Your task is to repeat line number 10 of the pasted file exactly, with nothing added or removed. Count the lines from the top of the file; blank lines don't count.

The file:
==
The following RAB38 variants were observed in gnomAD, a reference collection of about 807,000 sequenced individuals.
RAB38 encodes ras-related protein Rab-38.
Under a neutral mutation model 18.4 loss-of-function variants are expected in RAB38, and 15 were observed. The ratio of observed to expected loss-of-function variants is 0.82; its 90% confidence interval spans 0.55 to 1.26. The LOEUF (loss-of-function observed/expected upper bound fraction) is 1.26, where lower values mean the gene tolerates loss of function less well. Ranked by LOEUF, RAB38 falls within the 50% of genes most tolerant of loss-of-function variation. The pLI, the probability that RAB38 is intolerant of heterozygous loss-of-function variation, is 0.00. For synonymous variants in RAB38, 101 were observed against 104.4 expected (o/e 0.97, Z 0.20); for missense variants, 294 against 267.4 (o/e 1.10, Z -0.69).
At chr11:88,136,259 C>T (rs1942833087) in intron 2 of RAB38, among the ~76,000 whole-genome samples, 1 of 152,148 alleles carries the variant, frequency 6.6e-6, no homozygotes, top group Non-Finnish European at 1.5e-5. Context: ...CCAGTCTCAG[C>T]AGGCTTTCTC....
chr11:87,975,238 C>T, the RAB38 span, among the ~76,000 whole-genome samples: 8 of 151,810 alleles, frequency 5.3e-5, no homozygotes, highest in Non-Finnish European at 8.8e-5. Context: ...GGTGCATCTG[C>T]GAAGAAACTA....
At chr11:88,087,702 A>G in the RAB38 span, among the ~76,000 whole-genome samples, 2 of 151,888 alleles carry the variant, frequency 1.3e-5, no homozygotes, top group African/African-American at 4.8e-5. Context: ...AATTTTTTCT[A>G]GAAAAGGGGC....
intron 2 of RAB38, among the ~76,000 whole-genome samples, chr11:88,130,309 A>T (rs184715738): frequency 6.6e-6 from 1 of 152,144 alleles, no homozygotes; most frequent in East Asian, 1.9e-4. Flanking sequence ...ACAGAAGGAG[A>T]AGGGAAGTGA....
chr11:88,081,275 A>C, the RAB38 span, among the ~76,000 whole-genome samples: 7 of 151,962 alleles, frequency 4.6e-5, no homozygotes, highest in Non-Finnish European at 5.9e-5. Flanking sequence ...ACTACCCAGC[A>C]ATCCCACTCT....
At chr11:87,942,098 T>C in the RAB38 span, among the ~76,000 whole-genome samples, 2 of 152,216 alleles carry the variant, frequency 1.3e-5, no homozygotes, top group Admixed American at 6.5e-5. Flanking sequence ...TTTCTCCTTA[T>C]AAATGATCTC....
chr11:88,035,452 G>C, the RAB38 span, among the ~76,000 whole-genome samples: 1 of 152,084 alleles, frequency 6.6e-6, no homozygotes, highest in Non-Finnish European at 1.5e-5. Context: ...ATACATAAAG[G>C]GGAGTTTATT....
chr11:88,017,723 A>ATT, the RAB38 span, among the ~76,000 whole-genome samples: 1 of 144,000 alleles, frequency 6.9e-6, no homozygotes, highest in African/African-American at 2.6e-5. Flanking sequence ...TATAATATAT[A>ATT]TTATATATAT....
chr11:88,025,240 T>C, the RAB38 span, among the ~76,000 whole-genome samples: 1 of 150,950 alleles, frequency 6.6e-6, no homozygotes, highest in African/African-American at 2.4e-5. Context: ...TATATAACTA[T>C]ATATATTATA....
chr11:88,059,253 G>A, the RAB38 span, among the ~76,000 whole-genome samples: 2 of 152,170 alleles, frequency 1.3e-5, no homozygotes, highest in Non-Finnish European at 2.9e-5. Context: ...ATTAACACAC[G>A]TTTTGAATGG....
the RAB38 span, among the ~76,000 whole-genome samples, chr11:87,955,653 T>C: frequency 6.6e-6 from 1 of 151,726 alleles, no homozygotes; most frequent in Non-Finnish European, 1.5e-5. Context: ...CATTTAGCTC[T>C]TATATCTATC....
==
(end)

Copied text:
chr11:88,035,452 G>C, the RAB38 span, among the ~76,000 whole-genome samples: 1 of 152,084 alleles, frequency 6.6e-6, no homozygotes, highest in Non-Finnish European at 1.5e-5. Context: ...ATACATAAAG[G>C]GGAGTTTATT....